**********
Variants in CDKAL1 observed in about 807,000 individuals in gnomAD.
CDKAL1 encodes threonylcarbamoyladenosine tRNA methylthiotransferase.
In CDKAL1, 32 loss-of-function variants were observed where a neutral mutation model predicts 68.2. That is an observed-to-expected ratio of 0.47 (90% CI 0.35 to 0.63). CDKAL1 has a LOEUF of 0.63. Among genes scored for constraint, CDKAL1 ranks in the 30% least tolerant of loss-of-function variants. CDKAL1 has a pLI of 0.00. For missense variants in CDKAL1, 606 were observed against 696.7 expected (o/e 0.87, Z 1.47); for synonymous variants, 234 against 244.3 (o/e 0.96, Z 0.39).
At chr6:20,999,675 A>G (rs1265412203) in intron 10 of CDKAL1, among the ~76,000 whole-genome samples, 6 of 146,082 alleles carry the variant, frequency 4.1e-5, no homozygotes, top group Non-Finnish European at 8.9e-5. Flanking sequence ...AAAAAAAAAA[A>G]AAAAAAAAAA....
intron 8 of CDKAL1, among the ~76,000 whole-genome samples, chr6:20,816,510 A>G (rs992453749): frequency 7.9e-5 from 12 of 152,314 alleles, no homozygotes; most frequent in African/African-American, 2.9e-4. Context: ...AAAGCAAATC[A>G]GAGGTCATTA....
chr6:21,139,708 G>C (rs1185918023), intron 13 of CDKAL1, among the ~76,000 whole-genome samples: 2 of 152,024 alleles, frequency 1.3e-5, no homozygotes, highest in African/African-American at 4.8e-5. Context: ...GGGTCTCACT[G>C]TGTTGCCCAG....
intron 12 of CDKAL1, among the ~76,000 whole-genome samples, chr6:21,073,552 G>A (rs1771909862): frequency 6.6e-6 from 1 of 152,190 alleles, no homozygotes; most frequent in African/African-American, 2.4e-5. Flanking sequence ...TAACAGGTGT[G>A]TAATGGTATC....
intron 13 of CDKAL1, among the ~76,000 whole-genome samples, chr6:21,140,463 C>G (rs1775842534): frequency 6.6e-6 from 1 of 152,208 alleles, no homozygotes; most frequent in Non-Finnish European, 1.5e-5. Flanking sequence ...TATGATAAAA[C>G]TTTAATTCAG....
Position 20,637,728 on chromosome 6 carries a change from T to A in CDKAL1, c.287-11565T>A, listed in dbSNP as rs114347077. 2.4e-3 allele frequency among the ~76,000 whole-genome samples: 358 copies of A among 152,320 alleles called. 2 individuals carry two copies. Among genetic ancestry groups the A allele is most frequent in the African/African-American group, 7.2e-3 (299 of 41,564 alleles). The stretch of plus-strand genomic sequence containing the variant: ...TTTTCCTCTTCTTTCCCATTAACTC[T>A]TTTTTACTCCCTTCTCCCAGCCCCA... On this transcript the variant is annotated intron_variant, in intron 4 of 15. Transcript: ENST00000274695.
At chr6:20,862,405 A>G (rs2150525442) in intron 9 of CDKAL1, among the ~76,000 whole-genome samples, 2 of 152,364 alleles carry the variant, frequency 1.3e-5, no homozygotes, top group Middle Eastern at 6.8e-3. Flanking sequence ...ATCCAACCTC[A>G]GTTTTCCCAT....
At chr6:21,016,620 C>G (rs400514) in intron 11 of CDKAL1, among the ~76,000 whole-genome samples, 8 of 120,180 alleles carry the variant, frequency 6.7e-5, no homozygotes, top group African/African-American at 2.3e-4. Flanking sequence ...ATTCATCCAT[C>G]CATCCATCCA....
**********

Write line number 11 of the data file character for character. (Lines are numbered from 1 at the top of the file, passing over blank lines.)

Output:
At chr6:21,016,620 C>G (rs400514) in intron 11 of CDKAL1, among the ~76,000 whole-genome samples, 8 of 120,180 alleles carry the variant, frequency 6.7e-5, no homozygotes, top group African/African-American at 2.3e-4. Flanking sequence ...ATTCATCCAT[C>G]CATCCATCCA....